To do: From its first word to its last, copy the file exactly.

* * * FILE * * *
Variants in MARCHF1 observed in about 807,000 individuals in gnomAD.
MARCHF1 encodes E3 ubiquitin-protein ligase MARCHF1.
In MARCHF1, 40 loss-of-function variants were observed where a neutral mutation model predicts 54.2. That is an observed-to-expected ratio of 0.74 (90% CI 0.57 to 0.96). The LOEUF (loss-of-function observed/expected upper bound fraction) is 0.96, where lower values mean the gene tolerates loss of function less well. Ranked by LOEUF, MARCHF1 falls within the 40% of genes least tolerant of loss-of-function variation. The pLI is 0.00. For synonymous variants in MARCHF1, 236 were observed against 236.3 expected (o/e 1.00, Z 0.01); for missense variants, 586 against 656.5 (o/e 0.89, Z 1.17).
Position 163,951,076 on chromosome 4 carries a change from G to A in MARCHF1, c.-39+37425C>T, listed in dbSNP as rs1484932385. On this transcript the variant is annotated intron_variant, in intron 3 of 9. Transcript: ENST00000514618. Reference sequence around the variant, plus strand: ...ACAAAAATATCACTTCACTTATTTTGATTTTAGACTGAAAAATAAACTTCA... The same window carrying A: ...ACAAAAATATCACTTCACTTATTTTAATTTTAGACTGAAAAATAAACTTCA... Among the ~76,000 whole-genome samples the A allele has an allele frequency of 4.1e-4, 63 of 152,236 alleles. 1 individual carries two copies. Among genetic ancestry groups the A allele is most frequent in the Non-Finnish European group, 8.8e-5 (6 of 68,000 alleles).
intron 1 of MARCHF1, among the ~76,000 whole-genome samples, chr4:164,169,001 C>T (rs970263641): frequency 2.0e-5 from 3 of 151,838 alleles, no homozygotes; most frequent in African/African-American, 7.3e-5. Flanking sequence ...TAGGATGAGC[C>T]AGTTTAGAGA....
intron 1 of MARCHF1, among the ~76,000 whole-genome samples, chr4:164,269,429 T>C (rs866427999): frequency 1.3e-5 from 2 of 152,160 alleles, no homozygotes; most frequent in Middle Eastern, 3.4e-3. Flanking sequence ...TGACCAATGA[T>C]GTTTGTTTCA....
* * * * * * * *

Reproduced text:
Variants in MARCHF1 observed in about 807,000 individuals in gnomAD.
MARCHF1 encodes E3 ubiquitin-protein ligase MARCHF1.
In MARCHF1, 40 loss-of-function variants were observed where a neutral mutation model predicts 54.2. That is an observed-to-expected ratio of 0.74 (90% CI 0.57 to 0.96). The LOEUF (loss-of-function observed/expected upper bound fraction) is 0.96, where lower values mean the gene tolerates loss of function less well. Ranked by LOEUF, MARCHF1 falls within the 40% of genes least tolerant of loss-of-function variation. The pLI is 0.00. For synonymous variants in MARCHF1, 236 were observed against 236.3 expected (o/e 1.00, Z 0.01); for missense variants, 586 against 656.5 (o/e 0.89, Z 1.17).
Position 163,951,076 on chromosome 4 carries a change from G to A in MARCHF1, c.-39+37425C>T, listed in dbSNP as rs1484932385. On this transcript the variant is annotated intron_variant, in intron 3 of 9. Transcript: ENST00000514618. Reference sequence around the variant, plus strand: ...ACAAAAATATCACTTCACTTATTTTGATTTTAGACTGAAAAATAAACTTCA... The same window carrying A: ...ACAAAAATATCACTTCACTTATTTTAATTTTAGACTGAAAAATAAACTTCA... Among the ~76,000 whole-genome samples the A allele has an allele frequency of 4.1e-4, 63 of 152,236 alleles. 1 individual carries two copies. Among genetic ancestry groups the A allele is most frequent in the Non-Finnish European group, 8.8e-5 (6 of 68,000 alleles).
intron 1 of MARCHF1, among the ~76,000 whole-genome samples, chr4:164,169,001 C>T (rs970263641): frequency 2.0e-5 from 3 of 151,838 alleles, no homozygotes; most frequent in African/African-American, 7.3e-5. Flanking sequence ...TAGGATGAGC[C>T]AGTTTAGAGA....
intron 1 of MARCHF1, among the ~76,000 whole-genome samples, chr4:164,269,429 T>C (rs866427999): frequency 1.3e-5 from 2 of 152,160 alleles, no homozygotes; most frequent in Middle Eastern, 3.4e-3. Flanking sequence ...TGACCAATGA[T>C]GTTTGTTTCA....